Relative cell viability decreased with the increasing concentrations of CuSO4 and Cu-NPs exposure to cell cultures. For catfish primary testicular cells, the LC50 value was calculated at 20.5 and 30.0 μg/ml for Cu-NPs and CuSO4, respectively (Figure 6Ai). In the case of TM3 Leydig cell culture, the LC50 value was noted at 37.5 and 25.3 μg/ml for Cu-NPs and CuSO4, respectively (Figure 6Aii). In comparison, the cytotoxic effects were almost similar for both type of cells.


Figure 6. Cytotoxic effect of CuSO4 and Cu-NPs with different concentrations exposed to catfish testis primary culture (Ai) and TM3 Leydig cell line (Aii) for 48 h incubation. Relative cell viability (%) was determined for cells exposed to PBS (control) and CuSO4 and Cu-NPs (treated) by MTT assay as described in Section Mitochondrial function assay (Ai,ii). All results were expressed as total percentage of viable cells with mean ± SEM of three independent determinations with (n = 5) for each point (P < 0.05; statistically significant difference compared with control). Microcopy based assessment of catfish testis primary culture and TM3 Leydig cell line of control (Bi,vi), CuSO4 (Bii,iii,vii,viii) and Cu-NPs (Biv,v,ix,x), respectively. Indicated doses of CuSO4 (equivalent amount of copper load) and Cu-NPs were exposed to the cells for 48 h in serum free DMEM. Arrows highlight loss of adhesion and cell clumping as signs for toxicity. Cells exposed to other indicated concentrations showed the same morphology and hence, we provided the low and high doses studied in the experiment.

By examining the cell morphology, control groups of both the cultures showed normal adherent nature throughout the experiment period (Figures 6Bi,vi). Upon treatment, the cells exhibited dramatic change in the morphology. In 10 μg/ml treatment group, cells started to show signs of clumping in culture dishes (Figures 6Bii,iv,vii,ix). However, cell toxicity was not evident. Loss of adhesion, cell clumping and shrinkage were more in Cu-NPs and CuSO4 of 75 μg/ml treated batches (Figures 6Biii,v,viii,x). However, similar results were observed in rest of the batches analyzed (photos not shown). Distinct morphological changes during treatment indicate the occurrence of apoptosis/necrosis.

Flow Cytometric Analysis of Catfish Testicular Culture and TM3 Leydig Cells Exposed to Cu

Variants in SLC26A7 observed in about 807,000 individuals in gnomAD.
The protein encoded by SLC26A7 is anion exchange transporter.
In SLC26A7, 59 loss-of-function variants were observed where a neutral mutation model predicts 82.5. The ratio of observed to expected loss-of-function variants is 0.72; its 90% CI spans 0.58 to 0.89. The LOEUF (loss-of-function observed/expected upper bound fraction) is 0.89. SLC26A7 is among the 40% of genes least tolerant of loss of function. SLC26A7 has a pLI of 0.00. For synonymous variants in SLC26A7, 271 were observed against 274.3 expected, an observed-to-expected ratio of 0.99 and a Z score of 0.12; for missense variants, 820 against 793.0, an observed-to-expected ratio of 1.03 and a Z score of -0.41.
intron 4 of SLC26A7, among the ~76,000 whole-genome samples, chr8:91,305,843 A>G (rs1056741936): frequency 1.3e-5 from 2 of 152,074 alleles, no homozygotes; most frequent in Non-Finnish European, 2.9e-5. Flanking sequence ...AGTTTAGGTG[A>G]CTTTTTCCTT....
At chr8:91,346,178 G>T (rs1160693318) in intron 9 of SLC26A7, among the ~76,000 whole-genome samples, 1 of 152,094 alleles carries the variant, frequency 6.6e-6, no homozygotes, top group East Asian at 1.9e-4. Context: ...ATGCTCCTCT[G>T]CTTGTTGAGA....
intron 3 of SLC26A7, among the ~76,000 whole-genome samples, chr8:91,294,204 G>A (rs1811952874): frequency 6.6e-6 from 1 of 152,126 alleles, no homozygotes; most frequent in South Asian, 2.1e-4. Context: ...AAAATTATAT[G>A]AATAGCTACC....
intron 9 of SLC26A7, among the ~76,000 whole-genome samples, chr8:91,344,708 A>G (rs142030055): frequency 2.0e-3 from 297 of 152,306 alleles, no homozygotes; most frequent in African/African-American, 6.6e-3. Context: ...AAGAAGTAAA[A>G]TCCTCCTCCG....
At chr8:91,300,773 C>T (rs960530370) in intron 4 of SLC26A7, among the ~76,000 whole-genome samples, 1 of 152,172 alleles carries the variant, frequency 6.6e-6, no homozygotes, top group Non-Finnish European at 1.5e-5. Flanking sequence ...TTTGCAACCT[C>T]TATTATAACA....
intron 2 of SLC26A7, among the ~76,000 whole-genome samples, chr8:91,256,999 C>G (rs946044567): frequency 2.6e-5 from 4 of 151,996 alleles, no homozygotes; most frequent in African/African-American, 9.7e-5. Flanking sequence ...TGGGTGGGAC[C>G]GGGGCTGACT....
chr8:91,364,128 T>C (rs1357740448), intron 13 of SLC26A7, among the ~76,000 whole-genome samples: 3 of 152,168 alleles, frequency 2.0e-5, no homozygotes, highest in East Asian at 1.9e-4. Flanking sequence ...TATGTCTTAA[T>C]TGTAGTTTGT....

To further investigate the Cu-induced cellular toxicity, control and treated cells of catfish primary testicular culture (Figure 7A) and TM3 Leydig cell (Figure 7B) were added with YO-PRO-1 and PI dyes and the difference in normal and apoptotic/necrotic cells were analyzed using flow cytometry. Results indicated that percentage of apoptotic/necrotic cells were increased with the increasing concentration of Cu-NPs and CuSO4 exposure (Figures 7A,B) when compared to the control (low right quadrant). The percentage of cells appeared in the positively stained with YO-PRO-1 which represented early apoptotic cells (lower right quadrant) and cells stained with both YO-PRO-1 and PI (upper right quadrant) which denoted late apoptotic cells were calculated and compared with the control. However, the percentage of dead cell population was evaluated from the upper left quadrant. The percentage of population in each quadrant was given in Supplementary Table 2.


Figure 7. Flow cytometry analysis of catfish primary testicular culture (6A) and TM3 Leydig cell culture (6B) exposed to increasing concentration of Cu-NPs and CuSO4 and evaluated using YO-PRO-1 and PI labeled dye. All figures stained with YO-PRO-1 which represented early apoptotic cells (lower right quadrant) and cells stained with both YO-PRO-1 and PI (upper right quadrant) which denoted late apoptotic cells were calculated and compared with the control. The percentage of cells were calculated and listed in Supplementary Table 2.


In nature, due to its quantum size, NPs can easily enter through several ports, interact with biomolecules, causing adverse effect on organisms. Available scientific evidence suggests that NPs can enter via lungs or gills, skin or oral route and can cause oxidative stress-dependent toxic effects (Yah et al., 2012; Gupta et al., 2016). Interestingly, several studies have authenticated that NPs can cross the blood-testis barrier, leading to testicular accumulation and translocation to testicular cells and/or nucleus to generate adverse effects (Lan and Yang, 2012). However, present study provided comparative analysis on the impact of Cu-NPs with a comparison on soluble Cu. Interestingly, Cu also has physiological relevance and is an essential element involved in normal homeostasis in fish (Miura and Miura, 2011). In this regard, present study analyzed the impact of Cu (both forms) in catfish in relation to male reproduction at molecular, histological and ultra-structural level which revealed differential level of effects. In addition, cytotoxic effect of Cu was analyzed in catfish primary testicular cells (mixed) and TM3 Leydig cells. Ion leaching will occur in the process of metal oxide NPs synthesis in which metal oxide surface will release the metal cations and dissolve in the medium. Cu-NPs are very sensitive to the biological samples due to the toxicity of Cu2+ ion presence (Borgmann and Ralph, 1983). In order to check this, we performed TEM analysis to validate the size and shape of Cu-NPs before and after sonication. Based on the results, we presume that after a 6 h of sonication, the toxicity was evident due to leaching of Cu ions from the surface of Cu-NPs.